This week, Zero Punctuation reviews Dragon Age II.
The opinions I've been hearing on Dragon Age II have been, like the Burger King Kid's Club, rather absurdly mixed. I've bent an ear to many who call it a vastly improved epic perfectly spiced with all the gay sex that cut out of Mass Effect 2 and an equal number who call it a rushed out cash-in with more loading time than a truckful of giant sea turtles. But even before we begin, I can tell you this: there are two kinds of games in this putrid world of ours, those who are made mainly because developers thought it would be a lovely thing for everyone to play and those who are made mainly because the developers thought it would be lovely to add another ballroom to their golden money palace. And Dragon Age II is almost certainly in the second camp. How do I know? Because it's called Dragon Age II. Original thought was apparently at such a premium that they couldn't even think of a subtitle. I can think of a few: Dragon Age: Intermission, Dragon Age: Loading..., or perhaps just Dragon Age: Bhluur.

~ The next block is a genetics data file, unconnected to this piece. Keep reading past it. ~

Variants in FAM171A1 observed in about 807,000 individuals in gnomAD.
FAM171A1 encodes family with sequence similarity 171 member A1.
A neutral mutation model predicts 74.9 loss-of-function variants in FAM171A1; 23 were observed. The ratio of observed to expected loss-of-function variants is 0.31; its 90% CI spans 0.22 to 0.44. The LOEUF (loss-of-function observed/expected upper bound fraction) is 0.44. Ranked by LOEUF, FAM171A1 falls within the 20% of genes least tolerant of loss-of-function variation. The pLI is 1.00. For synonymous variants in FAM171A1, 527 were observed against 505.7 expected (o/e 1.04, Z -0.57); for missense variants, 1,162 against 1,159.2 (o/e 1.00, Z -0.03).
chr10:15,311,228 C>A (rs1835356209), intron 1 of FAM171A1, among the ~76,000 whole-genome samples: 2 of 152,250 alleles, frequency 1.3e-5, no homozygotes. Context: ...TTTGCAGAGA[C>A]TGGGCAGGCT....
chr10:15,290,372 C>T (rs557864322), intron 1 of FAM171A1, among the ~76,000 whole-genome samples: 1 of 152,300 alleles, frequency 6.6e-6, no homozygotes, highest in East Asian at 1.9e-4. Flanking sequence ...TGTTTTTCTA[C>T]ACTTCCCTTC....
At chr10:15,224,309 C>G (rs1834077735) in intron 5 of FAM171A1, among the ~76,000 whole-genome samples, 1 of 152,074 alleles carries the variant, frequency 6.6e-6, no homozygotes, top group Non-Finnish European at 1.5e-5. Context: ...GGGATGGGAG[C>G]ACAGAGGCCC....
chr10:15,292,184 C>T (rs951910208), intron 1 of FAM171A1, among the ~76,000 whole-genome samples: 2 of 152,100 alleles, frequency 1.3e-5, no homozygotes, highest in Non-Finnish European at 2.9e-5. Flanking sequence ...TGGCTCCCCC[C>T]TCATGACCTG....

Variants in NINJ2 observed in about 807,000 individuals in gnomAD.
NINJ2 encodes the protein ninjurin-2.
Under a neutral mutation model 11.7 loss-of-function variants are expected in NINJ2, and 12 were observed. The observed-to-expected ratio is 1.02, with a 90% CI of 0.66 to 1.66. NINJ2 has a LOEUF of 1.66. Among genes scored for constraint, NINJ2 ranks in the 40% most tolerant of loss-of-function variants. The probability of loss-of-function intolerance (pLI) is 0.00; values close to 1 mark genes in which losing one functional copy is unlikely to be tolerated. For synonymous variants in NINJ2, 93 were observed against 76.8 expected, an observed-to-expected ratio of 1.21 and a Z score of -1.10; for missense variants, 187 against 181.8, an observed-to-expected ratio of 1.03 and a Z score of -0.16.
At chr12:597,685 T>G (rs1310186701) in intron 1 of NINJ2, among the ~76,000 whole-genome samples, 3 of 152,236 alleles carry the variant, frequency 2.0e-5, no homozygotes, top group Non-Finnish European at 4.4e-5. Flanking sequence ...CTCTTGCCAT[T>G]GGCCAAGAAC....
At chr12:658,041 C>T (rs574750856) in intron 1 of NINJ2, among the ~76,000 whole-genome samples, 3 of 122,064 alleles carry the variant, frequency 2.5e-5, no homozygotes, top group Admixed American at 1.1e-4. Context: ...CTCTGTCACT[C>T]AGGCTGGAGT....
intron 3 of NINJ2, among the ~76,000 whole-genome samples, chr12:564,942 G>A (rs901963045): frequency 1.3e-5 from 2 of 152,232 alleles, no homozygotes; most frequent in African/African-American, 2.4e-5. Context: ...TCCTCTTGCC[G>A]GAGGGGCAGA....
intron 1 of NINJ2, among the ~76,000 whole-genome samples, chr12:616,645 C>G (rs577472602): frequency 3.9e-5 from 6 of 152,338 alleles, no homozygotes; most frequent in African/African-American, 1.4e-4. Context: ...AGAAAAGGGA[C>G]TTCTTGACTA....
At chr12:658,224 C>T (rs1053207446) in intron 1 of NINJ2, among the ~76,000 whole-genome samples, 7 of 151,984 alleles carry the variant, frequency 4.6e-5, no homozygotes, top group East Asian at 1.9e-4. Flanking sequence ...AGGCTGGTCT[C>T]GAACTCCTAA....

Actually, this is harder than I thought, because before a subtitle can be thought up we need to determine exactly what Dragon Age II is about. Much like the first one, it's all about the representative messages and can't go five minutes without someone being really heavy-handedly racist against mages, elves, dwarves, goldfish, et cetera, which is why I find it somewhat ironic that you're only allowed to play as a human this time around, when the first game let you pick from an entire... Burger King Kid's Club of races and backstories. Here you're always a human with the surname Hawke, so to compensate for the lack of choice other characters can actually address you by name. Whoop di fucking doo. And I'd just like to point out that this is quite a long game, so being a male character with the first name Ethan is going to stop being funny very fast.